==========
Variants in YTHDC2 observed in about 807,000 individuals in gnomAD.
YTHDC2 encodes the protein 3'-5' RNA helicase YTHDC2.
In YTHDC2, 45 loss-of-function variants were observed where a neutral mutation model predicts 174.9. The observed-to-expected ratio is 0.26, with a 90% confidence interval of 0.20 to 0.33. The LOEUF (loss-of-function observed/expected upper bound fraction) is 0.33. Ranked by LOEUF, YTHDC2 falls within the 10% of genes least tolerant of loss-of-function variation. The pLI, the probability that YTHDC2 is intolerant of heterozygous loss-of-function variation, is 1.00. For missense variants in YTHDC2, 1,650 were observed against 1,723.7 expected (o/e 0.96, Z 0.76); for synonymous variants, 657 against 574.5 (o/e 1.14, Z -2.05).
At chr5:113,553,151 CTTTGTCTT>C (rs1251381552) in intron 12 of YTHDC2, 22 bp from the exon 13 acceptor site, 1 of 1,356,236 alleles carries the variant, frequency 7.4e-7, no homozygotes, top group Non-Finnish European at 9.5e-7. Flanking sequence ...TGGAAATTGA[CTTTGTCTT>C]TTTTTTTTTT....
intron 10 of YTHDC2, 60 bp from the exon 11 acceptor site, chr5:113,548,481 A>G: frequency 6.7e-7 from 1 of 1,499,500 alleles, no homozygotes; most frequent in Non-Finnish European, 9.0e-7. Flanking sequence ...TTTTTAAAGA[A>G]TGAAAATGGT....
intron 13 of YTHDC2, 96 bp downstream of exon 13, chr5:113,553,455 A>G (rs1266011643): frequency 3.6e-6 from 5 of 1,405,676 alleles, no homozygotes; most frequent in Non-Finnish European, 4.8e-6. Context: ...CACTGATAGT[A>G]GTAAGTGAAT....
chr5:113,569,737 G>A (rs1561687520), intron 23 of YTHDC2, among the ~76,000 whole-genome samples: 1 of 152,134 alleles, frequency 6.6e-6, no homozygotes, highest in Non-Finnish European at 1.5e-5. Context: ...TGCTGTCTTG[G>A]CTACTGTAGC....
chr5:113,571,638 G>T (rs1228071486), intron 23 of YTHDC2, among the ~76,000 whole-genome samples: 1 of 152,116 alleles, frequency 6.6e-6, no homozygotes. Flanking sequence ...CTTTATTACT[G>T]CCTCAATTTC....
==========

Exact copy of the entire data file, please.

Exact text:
Variants in YTHDC2 observed in about 807,000 individuals in gnomAD.
YTHDC2 encodes the protein 3'-5' RNA helicase YTHDC2.
In YTHDC2, 45 loss-of-function variants were observed where a neutral mutation model predicts 174.9. The observed-to-expected ratio is 0.26, with a 90% confidence interval of 0.20 to 0.33. The LOEUF (loss-of-function observed/expected upper bound fraction) is 0.33. Ranked by LOEUF, YTHDC2 falls within the 10% of genes least tolerant of loss-of-function variation. The pLI, the probability that YTHDC2 is intolerant of heterozygous loss-of-function variation, is 1.00. For missense variants in YTHDC2, 1,650 were observed against 1,723.7 expected (o/e 0.96, Z 0.76); for synonymous variants, 657 against 574.5 (o/e 1.14, Z -2.05).
At chr5:113,553,151 CTTTGTCTT>C (rs1251381552) in intron 12 of YTHDC2, 22 bp from the exon 13 acceptor site, 1 of 1,356,236 alleles carries the variant, frequency 7.4e-7, no homozygotes, top group Non-Finnish European at 9.5e-7. Flanking sequence ...TGGAAATTGA[CTTTGTCTT>C]TTTTTTTTTT....
intron 10 of YTHDC2, 60 bp from the exon 11 acceptor site, chr5:113,548,481 A>G: frequency 6.7e-7 from 1 of 1,499,500 alleles, no homozygotes; most frequent in Non-Finnish European, 9.0e-7. Flanking sequence ...TTTTTAAAGA[A>G]TGAAAATGGT....
intron 13 of YTHDC2, 96 bp downstream of exon 13, chr5:113,553,455 A>G (rs1266011643): frequency 3.6e-6 from 5 of 1,405,676 alleles, no homozygotes; most frequent in Non-Finnish European, 4.8e-6. Context: ...CACTGATAGT[A>G]GTAAGTGAAT....
chr5:113,569,737 G>A (rs1561687520), intron 23 of YTHDC2, among the ~76,000 whole-genome samples: 1 of 152,134 alleles, frequency 6.6e-6, no homozygotes, highest in Non-Finnish European at 1.5e-5. Context: ...TGCTGTCTTG[G>A]CTACTGTAGC....
chr5:113,571,638 G>T (rs1228071486), intron 23 of YTHDC2, among the ~76,000 whole-genome samples: 1 of 152,116 alleles, frequency 6.6e-6, no homozygotes. Flanking sequence ...CTTTATTACT[G>T]CCTCAATTTC....